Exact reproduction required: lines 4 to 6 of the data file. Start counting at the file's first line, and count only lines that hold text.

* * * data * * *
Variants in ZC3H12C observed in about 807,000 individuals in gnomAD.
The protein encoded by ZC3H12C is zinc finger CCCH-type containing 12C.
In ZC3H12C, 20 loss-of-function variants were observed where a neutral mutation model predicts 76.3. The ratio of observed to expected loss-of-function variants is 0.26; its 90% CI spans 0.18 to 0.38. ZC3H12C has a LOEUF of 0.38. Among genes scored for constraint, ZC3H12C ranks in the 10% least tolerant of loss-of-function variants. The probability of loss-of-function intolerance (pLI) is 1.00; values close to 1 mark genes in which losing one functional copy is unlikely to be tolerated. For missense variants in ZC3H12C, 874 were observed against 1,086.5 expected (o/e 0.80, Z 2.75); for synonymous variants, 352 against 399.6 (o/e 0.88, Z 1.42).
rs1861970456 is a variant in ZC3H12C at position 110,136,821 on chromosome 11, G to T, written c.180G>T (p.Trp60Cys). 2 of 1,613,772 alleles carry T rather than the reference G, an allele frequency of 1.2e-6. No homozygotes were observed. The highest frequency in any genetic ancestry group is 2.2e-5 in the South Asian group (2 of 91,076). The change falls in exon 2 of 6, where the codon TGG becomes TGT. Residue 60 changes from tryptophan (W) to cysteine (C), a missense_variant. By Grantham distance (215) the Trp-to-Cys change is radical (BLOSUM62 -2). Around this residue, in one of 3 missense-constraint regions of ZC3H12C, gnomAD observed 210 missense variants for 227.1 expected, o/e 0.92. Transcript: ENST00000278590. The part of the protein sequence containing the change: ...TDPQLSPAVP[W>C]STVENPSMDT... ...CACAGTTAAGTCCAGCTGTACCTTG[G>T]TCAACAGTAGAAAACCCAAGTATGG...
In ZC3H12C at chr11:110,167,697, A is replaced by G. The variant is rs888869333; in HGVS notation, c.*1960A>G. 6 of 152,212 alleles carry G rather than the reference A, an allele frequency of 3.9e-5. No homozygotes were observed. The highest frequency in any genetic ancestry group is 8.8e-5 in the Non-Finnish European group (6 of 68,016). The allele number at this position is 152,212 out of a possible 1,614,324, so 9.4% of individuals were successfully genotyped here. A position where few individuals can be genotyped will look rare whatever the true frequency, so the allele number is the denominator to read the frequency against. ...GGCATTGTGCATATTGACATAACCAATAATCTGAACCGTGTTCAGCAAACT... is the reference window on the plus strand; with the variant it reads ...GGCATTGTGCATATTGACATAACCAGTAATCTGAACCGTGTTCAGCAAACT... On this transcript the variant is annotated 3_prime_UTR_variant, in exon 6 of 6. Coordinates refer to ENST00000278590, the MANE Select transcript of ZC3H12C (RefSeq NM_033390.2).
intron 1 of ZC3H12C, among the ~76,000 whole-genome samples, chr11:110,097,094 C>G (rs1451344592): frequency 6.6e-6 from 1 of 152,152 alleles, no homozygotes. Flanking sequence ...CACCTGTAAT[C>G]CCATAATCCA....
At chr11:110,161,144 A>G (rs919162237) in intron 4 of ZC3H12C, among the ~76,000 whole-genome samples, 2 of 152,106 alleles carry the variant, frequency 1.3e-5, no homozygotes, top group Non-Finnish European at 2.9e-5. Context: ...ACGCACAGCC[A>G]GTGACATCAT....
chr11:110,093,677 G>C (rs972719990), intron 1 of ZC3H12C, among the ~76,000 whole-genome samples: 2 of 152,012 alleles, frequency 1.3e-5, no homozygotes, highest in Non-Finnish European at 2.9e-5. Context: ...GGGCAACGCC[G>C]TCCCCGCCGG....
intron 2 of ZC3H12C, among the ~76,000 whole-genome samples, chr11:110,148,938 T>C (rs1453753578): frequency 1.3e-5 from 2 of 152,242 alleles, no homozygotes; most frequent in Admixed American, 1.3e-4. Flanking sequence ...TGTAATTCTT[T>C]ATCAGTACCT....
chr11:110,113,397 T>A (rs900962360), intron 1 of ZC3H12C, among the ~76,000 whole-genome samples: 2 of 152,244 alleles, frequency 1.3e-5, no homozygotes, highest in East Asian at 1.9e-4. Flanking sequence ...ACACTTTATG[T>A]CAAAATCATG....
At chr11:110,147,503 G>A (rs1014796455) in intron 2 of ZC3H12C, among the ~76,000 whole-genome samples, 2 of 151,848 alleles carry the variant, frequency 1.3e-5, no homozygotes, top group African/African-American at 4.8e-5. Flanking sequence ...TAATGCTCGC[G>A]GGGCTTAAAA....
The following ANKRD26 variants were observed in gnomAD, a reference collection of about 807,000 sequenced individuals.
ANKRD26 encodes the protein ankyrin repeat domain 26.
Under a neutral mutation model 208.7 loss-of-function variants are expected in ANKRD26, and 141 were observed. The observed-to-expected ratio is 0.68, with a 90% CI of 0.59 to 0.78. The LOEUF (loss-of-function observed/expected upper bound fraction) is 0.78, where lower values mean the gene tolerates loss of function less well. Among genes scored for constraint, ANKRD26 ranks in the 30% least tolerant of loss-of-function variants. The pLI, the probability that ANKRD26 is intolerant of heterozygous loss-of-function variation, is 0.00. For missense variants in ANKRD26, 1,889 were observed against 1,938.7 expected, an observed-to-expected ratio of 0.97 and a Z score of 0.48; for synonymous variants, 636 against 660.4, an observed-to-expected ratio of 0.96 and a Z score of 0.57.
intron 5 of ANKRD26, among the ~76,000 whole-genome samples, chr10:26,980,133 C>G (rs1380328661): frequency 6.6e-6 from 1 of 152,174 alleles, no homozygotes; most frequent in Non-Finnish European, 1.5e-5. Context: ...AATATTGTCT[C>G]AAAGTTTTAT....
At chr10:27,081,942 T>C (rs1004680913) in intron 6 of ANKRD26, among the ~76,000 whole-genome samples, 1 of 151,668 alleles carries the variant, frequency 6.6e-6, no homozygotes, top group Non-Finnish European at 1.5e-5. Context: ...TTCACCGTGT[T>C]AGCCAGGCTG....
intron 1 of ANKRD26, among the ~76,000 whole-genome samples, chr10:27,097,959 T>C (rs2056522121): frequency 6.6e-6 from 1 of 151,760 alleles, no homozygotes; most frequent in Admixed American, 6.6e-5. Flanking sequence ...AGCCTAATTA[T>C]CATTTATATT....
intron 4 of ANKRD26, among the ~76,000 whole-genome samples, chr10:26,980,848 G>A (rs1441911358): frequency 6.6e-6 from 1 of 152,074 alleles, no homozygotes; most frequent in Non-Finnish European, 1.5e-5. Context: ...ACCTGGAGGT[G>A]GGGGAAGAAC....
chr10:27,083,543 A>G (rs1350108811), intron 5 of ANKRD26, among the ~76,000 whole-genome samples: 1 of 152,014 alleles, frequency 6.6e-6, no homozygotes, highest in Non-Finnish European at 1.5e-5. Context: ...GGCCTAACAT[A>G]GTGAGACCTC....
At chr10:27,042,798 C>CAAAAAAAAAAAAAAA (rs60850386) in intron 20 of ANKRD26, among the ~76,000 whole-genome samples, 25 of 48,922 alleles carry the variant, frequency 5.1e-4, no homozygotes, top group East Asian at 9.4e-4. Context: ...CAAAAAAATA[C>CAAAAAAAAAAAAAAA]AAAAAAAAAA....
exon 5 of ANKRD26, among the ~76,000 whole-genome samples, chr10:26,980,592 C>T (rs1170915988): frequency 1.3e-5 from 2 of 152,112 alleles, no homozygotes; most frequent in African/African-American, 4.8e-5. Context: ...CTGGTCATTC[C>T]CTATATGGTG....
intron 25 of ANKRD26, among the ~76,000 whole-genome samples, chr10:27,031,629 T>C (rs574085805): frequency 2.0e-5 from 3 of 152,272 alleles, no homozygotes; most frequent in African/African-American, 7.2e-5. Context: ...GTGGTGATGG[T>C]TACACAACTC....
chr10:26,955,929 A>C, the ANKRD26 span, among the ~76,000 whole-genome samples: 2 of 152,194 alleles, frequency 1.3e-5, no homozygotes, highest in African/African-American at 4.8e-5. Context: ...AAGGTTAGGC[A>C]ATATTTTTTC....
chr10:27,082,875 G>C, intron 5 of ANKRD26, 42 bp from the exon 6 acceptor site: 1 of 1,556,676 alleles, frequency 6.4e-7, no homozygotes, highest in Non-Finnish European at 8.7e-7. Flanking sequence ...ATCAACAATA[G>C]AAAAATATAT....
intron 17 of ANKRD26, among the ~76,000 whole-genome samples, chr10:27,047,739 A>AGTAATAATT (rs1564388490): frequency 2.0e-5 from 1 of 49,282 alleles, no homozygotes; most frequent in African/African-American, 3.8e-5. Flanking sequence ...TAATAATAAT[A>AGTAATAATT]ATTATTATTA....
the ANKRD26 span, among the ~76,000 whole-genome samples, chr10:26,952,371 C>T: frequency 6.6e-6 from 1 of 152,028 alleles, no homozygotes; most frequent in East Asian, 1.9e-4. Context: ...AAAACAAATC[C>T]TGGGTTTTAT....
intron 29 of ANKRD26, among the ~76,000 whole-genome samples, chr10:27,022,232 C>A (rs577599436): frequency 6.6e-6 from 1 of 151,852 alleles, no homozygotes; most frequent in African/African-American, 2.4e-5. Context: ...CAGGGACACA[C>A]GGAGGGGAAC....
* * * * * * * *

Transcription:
rs1861970456 is a variant in ZC3H12C at position 110,136,821 on chromosome 11, G to T, written c.180G>T (p.Trp60Cys). 2 of 1,613,772 alleles carry T rather than the reference G, an allele frequency of 1.2e-6. No homozygotes were observed. The highest frequency in any genetic ancestry group is 2.2e-5 in the South Asian group (2 of 91,076). The change falls in exon 2 of 6, where the codon TGG becomes TGT. Residue 60 changes from tryptophan (W) to cysteine (C), a missense_variant. By Grantham distance (215) the Trp-to-Cys change is radical (BLOSUM62 -2). Around this residue, in one of 3 missense-constraint regions of ZC3H12C, gnomAD observed 210 missense variants for 227.1 expected, o/e 0.92. Transcript: ENST00000278590. The part of the protein sequence containing the change: ...TDPQLSPAVP[W>C]STVENPSMDT... ...CACAGTTAAGTCCAGCTGTACCTTG[G>T]TCAACAGTAGAAAACCCAAGTATGG...
In ZC3H12C at chr11:110,167,697, A is replaced by G. The variant is rs888869333; in HGVS notation, c.*1960A>G. 6 of 152,212 alleles carry G rather than the reference A, an allele frequency of 3.9e-5. No homozygotes were observed. The highest frequency in any genetic ancestry group is 8.8e-5 in the Non-Finnish European group (6 of 68,016). The allele number at this position is 152,212 out of a possible 1,614,324, so 9.4% of individuals were successfully genotyped here. A position where few individuals can be genotyped will look rare whatever the true frequency, so the allele number is the denominator to read the frequency against. ...GGCATTGTGCATATTGACATAACCAATAATCTGAACCGTGTTCAGCAAACT... is the reference window on the plus strand; with the variant it reads ...GGCATTGTGCATATTGACATAACCAGTAATCTGAACCGTGTTCAGCAAACT... On this transcript the variant is annotated 3_prime_UTR_variant, in exon 6 of 6. Coordinates refer to ENST00000278590, the MANE Select transcript of ZC3H12C (RefSeq NM_033390.2).
intron 1 of ZC3H12C, among the ~76,000 whole-genome samples, chr11:110,097,094 C>G (rs1451344592): frequency 6.6e-6 from 1 of 152,152 alleles, no homozygotes. Flanking sequence ...CACCTGTAAT[C>G]CCATAATCCA....